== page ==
The Heatley Cliff

Why ‘Sam and Cat' Could Be One of the Most Dangerous Shows On TV

I HATE the fact that my 10-year-old watches Sam and Cat.

I feel like if I forbid her, it will make the show taboo, amping up her desire to watch it. If I ignore it, my hope is that she will figure out on her own how ridiculous it is.  My 10-year-old is a middle child. Sweet tempered by nature, I am almost positive that her natural goodness and good sense will be able to offset the terrible-ness of this show. Fingers crossed.

I am not a fan of the live action Nick or Disney Shows, period. I think there is a lot wrong with them. Because I have a 15-year-old and a 10 year old, I’ve seen em all, and Sam and Cat is the worst. Personally, I say give me Spongebob any day.

HelloGiggles comes from a place of positivity and I appreciate that. I REALLY appreciate that. I think that these tweeny shows might have been part of the reason the founders started this website in the first place- to create a safe haven, if you will, from the other stuff that’s out there in the media. Kids are being exposed to hardcore ‘Mean girl’-ing in the guise of family friendly programming on TV. It becomes dangerous because the boys and girls that watch them think it’s okay to be rude to their friends, their family, their elders… But it’s not only okay, it’s funny.

Let’s start with Sam, brought back after her popular stint on iCarly. Never has there been a more loathsome, mean, narcissistic, selfish, offensive character on TV. Wait, I take that back. King Joffrey of Game Of Thrones, they’re about on par. Game of Thrones, however, is an adult show. Like I said, the danger of this character is not just that kids want to emulate her, but on a subconscious level, the baseline for what is acceptable behavior becomes skewed, especially when you combine this with every other wiseass on one of these Disney or Nick shows (they all seem to have a character like this). Suddenly, what is obviously something offensive and mean to say is not so obvious because the kids are watching these jerks get laughs on TV with no consequences at all for their cruelty. Nobody’s feelings are ever hurt.

I’m not sure what is worse, though: the spectacularly evil machinations of Sam or Cat’s seemingly total lack of intelligence. Cat is a walking talking barbie doll. There is a long tradition of the lovable dimwits on TV and film: Gilligan, Shaggy, Forrest Gump, The Nutty Professor, Prince Charming’s Dad in Cinderella, Homer Simpson, Phoebe from Friends, the guys from Dumb and Dumber, Adam Sandler in any movie he’s ever done…The dangerous aspect of Cat is that there is a sexiness which underlines everything- that somehow intelligence is not needed as long as you look and dress a certain way. Cat is meant to appeal to girls 7-11. This means that girls 7-11 are put in a position to admire, to emulate, a person so vacuous. Let’s not forget though that the premise of the show is that they are professional babysitters, with the kids often outwitting them (easy for Cat for obvious reasons, and perhaps less easy for Sam but she is rarely paying attention to them anyways). Yeah. Great Messaging.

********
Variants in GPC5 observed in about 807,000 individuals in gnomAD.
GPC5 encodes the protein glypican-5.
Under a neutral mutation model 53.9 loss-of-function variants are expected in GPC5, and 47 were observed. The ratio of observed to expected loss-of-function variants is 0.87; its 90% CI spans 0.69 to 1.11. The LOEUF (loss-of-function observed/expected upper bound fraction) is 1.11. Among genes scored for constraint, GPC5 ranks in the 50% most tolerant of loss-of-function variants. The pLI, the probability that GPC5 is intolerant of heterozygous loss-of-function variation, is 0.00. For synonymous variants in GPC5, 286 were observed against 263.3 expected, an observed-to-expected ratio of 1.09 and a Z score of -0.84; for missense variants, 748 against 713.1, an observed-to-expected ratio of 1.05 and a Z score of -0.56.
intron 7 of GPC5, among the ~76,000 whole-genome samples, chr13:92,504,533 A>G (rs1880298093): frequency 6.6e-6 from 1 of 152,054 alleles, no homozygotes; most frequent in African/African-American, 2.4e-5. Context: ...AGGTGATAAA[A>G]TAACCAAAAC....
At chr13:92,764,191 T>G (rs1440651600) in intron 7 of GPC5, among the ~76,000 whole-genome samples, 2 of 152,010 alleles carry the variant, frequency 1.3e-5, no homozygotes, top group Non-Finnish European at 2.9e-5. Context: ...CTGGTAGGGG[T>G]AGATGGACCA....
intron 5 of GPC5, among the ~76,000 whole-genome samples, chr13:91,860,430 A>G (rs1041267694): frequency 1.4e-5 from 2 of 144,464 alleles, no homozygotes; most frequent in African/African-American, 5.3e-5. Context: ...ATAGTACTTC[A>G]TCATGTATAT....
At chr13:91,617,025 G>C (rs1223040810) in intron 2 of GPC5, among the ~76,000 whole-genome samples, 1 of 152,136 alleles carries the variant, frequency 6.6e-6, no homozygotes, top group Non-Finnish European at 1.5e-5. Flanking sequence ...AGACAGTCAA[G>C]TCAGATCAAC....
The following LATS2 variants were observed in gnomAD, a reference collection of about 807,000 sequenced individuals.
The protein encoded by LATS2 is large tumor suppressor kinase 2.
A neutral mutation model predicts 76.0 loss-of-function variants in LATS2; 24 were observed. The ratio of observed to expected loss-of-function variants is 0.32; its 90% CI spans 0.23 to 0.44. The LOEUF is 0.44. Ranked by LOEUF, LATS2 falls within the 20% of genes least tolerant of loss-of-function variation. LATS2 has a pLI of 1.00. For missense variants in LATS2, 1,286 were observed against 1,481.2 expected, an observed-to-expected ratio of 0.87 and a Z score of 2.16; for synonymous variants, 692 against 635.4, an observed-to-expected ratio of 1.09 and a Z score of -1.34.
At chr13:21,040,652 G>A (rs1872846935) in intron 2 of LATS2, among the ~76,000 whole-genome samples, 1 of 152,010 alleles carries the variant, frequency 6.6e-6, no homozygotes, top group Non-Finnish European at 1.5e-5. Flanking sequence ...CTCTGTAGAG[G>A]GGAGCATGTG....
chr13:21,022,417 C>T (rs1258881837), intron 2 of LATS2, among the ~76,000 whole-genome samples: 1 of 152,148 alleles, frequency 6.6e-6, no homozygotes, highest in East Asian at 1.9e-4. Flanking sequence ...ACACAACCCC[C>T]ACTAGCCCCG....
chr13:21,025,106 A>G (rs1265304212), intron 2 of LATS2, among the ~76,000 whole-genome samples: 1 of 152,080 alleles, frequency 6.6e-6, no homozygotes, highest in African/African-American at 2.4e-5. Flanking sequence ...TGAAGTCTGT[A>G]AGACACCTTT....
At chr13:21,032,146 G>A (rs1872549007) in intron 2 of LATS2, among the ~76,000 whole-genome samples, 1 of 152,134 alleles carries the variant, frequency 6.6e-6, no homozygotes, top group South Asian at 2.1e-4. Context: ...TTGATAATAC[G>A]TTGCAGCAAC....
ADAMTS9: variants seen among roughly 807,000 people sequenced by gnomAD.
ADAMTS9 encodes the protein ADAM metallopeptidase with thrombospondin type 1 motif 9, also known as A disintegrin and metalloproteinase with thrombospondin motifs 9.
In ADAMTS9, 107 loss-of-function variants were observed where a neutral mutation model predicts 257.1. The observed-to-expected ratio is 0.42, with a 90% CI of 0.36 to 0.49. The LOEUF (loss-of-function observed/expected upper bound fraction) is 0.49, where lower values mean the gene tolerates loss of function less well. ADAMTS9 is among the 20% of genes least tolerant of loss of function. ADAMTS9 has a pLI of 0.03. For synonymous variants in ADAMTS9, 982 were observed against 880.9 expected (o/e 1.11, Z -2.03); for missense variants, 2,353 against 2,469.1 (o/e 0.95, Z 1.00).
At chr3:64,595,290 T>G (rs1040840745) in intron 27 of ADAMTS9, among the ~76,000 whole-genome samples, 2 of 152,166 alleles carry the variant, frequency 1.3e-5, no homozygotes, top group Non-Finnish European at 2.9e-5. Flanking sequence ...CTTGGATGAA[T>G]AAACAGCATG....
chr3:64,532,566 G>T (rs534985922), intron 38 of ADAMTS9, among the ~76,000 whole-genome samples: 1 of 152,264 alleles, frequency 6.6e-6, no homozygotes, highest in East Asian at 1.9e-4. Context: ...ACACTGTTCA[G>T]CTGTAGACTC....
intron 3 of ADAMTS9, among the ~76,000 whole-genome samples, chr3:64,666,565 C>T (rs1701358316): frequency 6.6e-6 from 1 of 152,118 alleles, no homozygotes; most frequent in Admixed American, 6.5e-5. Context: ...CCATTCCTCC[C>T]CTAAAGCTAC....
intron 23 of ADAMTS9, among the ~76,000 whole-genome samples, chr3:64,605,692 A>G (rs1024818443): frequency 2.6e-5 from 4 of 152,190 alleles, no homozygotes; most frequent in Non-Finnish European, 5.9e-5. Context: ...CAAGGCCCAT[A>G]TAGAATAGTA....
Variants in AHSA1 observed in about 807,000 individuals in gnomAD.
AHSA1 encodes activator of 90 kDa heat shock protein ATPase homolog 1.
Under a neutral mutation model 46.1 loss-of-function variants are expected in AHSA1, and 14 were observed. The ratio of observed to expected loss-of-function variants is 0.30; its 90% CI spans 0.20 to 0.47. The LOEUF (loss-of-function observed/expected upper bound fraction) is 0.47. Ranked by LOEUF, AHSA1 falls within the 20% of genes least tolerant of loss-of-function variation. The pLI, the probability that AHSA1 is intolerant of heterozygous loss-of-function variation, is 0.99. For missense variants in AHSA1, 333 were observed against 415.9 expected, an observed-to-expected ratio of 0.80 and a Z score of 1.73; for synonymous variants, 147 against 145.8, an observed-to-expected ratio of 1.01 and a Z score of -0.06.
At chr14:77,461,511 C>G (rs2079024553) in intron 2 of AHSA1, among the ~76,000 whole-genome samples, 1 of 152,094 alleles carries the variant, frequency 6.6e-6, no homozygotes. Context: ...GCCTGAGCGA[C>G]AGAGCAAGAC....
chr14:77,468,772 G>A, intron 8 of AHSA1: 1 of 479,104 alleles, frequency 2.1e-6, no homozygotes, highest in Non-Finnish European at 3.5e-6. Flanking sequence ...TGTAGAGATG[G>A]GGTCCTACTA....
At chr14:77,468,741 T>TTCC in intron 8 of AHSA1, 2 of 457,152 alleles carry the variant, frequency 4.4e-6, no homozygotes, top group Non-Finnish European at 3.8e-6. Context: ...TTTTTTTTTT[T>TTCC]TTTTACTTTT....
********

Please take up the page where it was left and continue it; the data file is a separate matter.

Is this entertaining? I mean I get it, kids love jokes about poop. They are into smart alecs and goofiness. But, isn’t there a way of giving them this in a program that doesn’t assume that they are stupid or rude and can totally relate? What if we had a show on TV which showed people being kind and good and compassionate? What if the kids got out of these zany situations every week by being helpful, clever and empathic? Sam and Cat teaches on some level that if you’re in a bind, cheat, lie, manipulate, play dumb and bat your eyelids.

When I was a kid I watched The Waltons and Little House on the Prairie and Degrassi, which had its share of a-holes but felt realer. There was no laugh track. Middle school, really, is no laughing matter. I just worry what this generation of kids is going to think all of this is appropriate behavior. Clearly they are going to have learn the hard way. I also want to clarify that these actresses who play these roles, Jenette McCurdy and Ariana Grande, are talented young women. Certainly Ariana has quite a music career ahead of her. But it seems to me that they need to pull the emergency break on the train and get it to stop. Even better, they themselves would be great advocates for the creation of a show that operates on a more humanitarian level. Meanwhile, I will just pray that my 10-year-old outgrows Sam and Cat ASAP.

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